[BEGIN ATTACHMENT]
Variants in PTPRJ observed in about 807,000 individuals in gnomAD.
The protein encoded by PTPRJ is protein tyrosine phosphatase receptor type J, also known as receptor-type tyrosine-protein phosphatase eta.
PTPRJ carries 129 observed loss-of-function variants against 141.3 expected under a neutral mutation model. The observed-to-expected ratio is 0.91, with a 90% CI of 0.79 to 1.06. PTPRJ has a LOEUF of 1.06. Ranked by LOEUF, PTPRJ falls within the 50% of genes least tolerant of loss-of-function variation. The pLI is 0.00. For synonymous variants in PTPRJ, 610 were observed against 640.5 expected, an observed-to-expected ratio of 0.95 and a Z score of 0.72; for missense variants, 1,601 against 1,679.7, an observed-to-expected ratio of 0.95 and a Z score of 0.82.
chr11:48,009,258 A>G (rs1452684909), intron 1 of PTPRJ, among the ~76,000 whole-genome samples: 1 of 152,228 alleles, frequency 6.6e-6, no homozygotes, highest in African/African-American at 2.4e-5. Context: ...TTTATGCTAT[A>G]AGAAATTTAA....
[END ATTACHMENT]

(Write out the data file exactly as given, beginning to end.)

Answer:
Variants in PTPRJ observed in about 807,000 individuals in gnomAD.
The protein encoded by PTPRJ is protein tyrosine phosphatase receptor type J, also known as receptor-type tyrosine-protein phosphatase eta.
PTPRJ carries 129 observed loss-of-function variants against 141.3 expected under a neutral mutation model. The observed-to-expected ratio is 0.91, with a 90% CI of 0.79 to 1.06. PTPRJ has a LOEUF of 1.06. Ranked by LOEUF, PTPRJ falls within the 50% of genes least tolerant of loss-of-function variation. The pLI is 0.00. For synonymous variants in PTPRJ, 610 were observed against 640.5 expected, an observed-to-expected ratio of 0.95 and a Z score of 0.72; for missense variants, 1,601 against 1,679.7, an observed-to-expected ratio of 0.95 and a Z score of 0.82.
chr11:48,009,258 A>G (rs1452684909), intron 1 of PTPRJ, among the ~76,000 whole-genome samples: 1 of 152,228 alleles, frequency 6.6e-6, no homozygotes, highest in African/African-American at 2.4e-5. Context: ...TTTATGCTAT[A>G]AGAAATTTAA....